Faculty

Faculty Spotlight: Professor Who Served Two Tours in Iraq Intent on Helping Student Vets

Jeffrey Lovelace, a former U.S. Army Intelligence Officer who served two tours in Iraq before arriving at UVA, is committed to improving the experiences of student veterans however he can.

Jeffrey Lovelace

Jeffrey Lovelace

By Whitelaw Reid, wdr4d@virginia.edu

When Jeffrey Lovelace was a child, his father would talk to him about what being in the U.S. military was really all about. One of the main things he emphasized was the crucial importance of teamwork—being there for your fellow soldiers.

The older Jeffrey Lovelace grew, the deeper the conversations became.

Lovelace’s father, James—who served in the Army for 39 years before retiring in 2009 as a Lieutenant General—would never glorify any of his duties. In fact, it was usually just the opposite.

“The military will ask you to do a lot things, and you won’t always want to go where they are sending you,” said Jeffrey Lovelace, recalling some of his father’s words, “but you have agreed to serve at the behest of your country, and if your country needs you to go, you go to protect others.”

Eventually, Lovelace did just that. Following his father’s path, he attended West Point en route to serving two tours in Iraq as an Intelligence Officer.

But unlike his father, Lovelace—whose mother was an elementary school teacher—didn’t want to spend his entire professional career in the Army.

In 2009, the Army sent Lovelace to the Pennsylvania State University to earn his master’s degree before teaching at West Point. After leaving the Army, Lovelace returned to Penn State to earn his Ph.D. in 2017. Today, Lovelace is a Professor at the University of Virginia’s McIntire School of Commerce—and has remained close to his military roots by serving as an adviser for the UVA chapter of Student Veterans of America.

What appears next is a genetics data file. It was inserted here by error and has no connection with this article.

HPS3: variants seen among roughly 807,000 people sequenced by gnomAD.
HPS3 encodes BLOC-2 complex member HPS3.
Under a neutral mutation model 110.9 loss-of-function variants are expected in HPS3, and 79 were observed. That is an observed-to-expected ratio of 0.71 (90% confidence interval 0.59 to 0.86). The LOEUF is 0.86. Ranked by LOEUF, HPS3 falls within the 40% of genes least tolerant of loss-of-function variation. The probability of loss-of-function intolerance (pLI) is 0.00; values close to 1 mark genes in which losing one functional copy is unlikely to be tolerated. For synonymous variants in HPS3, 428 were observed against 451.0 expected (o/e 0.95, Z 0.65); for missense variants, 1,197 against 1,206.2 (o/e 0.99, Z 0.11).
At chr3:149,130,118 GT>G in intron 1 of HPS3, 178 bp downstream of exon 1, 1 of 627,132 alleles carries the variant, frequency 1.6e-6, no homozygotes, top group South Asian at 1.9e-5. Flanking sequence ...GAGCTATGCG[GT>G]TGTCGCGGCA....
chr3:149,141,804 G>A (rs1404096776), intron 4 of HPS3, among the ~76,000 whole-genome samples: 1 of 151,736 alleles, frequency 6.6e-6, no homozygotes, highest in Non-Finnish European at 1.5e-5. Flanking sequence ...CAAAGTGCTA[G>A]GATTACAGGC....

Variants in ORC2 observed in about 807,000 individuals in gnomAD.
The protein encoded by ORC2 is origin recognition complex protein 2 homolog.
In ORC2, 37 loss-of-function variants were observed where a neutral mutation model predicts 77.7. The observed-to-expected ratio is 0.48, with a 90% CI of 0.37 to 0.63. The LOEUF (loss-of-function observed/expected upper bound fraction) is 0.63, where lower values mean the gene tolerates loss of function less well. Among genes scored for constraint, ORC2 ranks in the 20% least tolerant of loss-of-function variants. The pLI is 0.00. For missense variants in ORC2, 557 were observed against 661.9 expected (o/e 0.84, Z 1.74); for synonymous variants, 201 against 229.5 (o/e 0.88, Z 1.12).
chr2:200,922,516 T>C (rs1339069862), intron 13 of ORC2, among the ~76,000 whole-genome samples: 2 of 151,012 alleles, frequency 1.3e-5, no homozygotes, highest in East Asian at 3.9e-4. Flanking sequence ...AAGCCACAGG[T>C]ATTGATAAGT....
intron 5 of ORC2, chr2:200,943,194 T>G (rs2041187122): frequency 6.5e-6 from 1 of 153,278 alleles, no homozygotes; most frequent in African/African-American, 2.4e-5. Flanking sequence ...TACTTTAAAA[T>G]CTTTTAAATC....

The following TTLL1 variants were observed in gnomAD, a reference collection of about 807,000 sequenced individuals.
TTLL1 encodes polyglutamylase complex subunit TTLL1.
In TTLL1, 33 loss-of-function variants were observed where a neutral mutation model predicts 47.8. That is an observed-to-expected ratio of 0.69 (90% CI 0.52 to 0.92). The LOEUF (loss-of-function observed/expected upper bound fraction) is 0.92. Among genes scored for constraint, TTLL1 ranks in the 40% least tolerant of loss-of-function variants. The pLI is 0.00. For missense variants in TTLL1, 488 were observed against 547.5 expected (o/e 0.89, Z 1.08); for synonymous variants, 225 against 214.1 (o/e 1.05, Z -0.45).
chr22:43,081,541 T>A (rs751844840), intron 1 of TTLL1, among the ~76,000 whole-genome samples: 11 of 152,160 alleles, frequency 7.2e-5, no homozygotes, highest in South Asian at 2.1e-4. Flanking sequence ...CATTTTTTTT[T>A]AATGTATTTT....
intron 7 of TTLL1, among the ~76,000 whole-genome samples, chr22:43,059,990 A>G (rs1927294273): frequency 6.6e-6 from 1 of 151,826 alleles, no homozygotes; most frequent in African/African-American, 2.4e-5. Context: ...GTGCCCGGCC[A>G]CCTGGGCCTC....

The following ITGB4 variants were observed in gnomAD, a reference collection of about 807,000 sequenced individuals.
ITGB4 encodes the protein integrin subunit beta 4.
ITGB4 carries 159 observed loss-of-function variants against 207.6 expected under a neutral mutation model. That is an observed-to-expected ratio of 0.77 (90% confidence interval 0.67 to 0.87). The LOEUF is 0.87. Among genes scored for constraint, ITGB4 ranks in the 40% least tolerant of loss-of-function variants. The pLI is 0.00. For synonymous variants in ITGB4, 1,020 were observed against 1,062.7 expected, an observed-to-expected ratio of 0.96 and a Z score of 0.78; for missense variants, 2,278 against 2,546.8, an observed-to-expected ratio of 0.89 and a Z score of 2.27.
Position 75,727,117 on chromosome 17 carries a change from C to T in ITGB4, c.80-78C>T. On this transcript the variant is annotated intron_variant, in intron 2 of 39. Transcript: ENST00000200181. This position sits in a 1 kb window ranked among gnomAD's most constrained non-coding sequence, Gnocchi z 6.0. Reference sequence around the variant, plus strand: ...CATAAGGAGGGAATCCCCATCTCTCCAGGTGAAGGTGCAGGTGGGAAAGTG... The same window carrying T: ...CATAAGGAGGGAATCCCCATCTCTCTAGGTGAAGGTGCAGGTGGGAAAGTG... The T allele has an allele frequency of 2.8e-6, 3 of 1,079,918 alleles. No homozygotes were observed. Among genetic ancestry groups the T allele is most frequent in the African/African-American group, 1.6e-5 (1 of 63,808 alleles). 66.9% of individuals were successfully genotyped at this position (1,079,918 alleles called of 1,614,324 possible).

Lovelace strives to help veterans who are transitioning to college, with his ultimate goal to increase the number of student vets on Grounds.

“When you get out of the military, you have this sense of identity that is very tied to being a member of that organization,” he said, “and when you step back from that, you’re a little unsure what to do with it. And so in that way I relate to the student veterans. Working with them and being able to be around them, for me, have helped fill a lot of that gap.

“Sometimes I worry they do more for me than I do for them, to be frank with you. The energy that they bring to the table is pretty amazing.”

Born in Fort Bragg, NC, Lovelace lived all over the world as a child—including Alaska and Korea—as his father moved from one assignment to the next.

“Being an Army brat was sometimes hard because you had to leave your friends and things behind, but there was a wonderful culture of support in that community,” he said. “You’d show up somewhere, and you’d have a new best friend that day because everyone was used to that being the life. People were very welcoming wherever you ended up going.

“There was a little bit of a tradeoff with not having as many lifelong relationships, but getting ample opportunity to see a lot of amazing things. … I got to expand my perspective on the world and its complexities, but also got to see many similarities between people, too. This experience gave me an interest in learning more about people with different perspectives and different backgrounds.”

Initially, Lovelace, who graduated from a high school in El Paso, TX, considered attending UVA on a Navy ROTC scholarship before a visit to West Point convinced him to follow in his father’s footsteps.

While a cadet there, Lovelace was inspired by the idea of “supporting something bigger than yourself.”

“I knew it was going to push me mentally, academically, physically, and I wanted to embrace that challenge,” he said. “It just seemed like the right fit.”

Lovelace’s first tour of Iraq was primarily in the Fallujah area; his second in the northeastern part of Baghdad. He worked with airborne infantry units, trying to detect where threats were coming from and who was disseminating misinformation.